First off... Are there not several Medieval Wargame systems out there? Why focus on trying to make a vaiable Group Combat system for ARM5, when you could just grab another game for the one time you might have to play out a large battle??
Shields - EXPLICITLY have the shields ADD their defense bonus to your single weapon's defense bonus during combat. If you are using a
shield by itself treat it as a single weapon.
Movement - In one round you can either Move OR Attack. Only. Period. There also needs to be clear rules on how far you can move in combat!!!
Riding - With a proper Ride check your ride could (move or attack),
and you could attack, in the same round. Your ARMOR load should not count against you unless you are walking. This should be explicitly stated.
Missiles - Subtract an additional 3 from the Init of each missile weapon.
This is most realistic for bows/slings since you have to draw ammo - load it - draw the bow/twirl the sling - and try to aim WHILE some bloke is whacking you with a sword!
Great Weapons - Seriously, all of these Initiatives need to be DOUBLED! These weapons have a long reach that some poor sod with a mace has to get close to!
Staff - Good Gawd, lower that DFN! Longer weapons are not as good at defending as shorter ones since a longer one has to travel a longer distance to parry. Think pingpong or tennis! Put your paddle on the end of a walking stick and THEN try and play...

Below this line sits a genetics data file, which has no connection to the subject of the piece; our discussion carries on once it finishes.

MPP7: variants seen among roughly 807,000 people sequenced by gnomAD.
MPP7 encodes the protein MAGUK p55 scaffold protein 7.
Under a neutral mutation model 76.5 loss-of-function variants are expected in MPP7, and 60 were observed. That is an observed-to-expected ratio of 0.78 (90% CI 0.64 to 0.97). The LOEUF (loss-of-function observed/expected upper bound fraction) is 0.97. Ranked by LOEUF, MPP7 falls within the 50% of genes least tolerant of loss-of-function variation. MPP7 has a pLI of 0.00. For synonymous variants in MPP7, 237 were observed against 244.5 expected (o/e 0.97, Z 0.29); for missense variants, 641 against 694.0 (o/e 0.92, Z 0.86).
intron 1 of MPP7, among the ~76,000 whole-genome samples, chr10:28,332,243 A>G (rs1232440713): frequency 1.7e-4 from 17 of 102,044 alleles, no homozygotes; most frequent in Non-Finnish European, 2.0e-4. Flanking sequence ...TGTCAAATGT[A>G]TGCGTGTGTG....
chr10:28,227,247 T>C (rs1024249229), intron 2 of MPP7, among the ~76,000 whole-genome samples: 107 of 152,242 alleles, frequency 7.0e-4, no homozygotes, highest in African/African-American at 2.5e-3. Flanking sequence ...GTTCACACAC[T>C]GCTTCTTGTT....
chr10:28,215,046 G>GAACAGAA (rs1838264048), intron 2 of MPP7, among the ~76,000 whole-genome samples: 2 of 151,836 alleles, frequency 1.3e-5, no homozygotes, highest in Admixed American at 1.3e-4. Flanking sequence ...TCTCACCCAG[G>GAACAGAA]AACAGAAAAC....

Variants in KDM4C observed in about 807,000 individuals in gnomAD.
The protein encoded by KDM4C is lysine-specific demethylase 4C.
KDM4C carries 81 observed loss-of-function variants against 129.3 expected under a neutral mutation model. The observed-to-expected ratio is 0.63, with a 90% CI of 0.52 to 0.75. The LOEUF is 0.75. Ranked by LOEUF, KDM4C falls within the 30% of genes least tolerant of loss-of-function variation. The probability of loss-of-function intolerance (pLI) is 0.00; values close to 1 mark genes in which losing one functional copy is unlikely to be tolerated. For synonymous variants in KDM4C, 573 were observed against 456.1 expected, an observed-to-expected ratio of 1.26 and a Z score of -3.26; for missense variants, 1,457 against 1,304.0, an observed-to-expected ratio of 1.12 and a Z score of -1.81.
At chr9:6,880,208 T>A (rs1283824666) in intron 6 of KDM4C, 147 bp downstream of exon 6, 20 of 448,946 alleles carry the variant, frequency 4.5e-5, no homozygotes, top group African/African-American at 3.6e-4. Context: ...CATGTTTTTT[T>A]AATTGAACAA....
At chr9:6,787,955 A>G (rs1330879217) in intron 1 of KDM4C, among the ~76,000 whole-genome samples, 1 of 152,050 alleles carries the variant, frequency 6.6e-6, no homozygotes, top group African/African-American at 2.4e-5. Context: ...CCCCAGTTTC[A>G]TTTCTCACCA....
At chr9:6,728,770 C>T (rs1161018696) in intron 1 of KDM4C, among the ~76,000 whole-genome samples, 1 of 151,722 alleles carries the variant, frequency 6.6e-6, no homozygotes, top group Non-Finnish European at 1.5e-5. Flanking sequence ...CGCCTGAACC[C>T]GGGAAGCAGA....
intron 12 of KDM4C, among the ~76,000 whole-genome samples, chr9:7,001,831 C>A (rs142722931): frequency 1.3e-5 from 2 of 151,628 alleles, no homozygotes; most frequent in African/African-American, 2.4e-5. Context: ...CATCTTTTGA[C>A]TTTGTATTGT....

If the staff was as effective as these rules state you would have had medieval armies using them as standard issue!
Give it the DFN of a Long Spear...
Farm Implement? - Seriously? Does as much dmg as a LANCE? I would lower the DMG by 2! Almost all farm implements at the time were totally wood, AND never ever meant for battle. The rules themselves call these things "characterized by awkwardness" and yet give them the same ATK as a Long Spear! Let's lower that attack by one as well...
Bows - Lower the damage by at least 1! (there is no way no way an arrow should do as much damage as a polearm!)
ARM5 does a better job than most RPGs with their Bows - kudos. But the rules can get better!
Dodge - On the melee weapons table Dodge has a Defense of Zero??? I would give it a defense of 2...
Fist - and while we are at it give Fist 1 damage.
Kick - I would give kick a 2 damage
Seriously consider NOT having the extra from attack spill over into damage!
The difference between a shield and not a shield in defense values per the book is one to three. The difference for defense values using your system would be one to four. I don't see it as a big deal. Sheildwsare treated a sa single weapon when used by themselves now.
We've got cyclical initiative in this game. Subtracting from the initiative total I don't believe will have the effect that you desire.
A farm implement does less damage than a lance on account of its lower attack bonus.
That is of course the bugbear of the rules as written. This single "feature" significantly hampers the verisimilitude of the system while simultaneously adding more grade school arithmetic and slowing things down.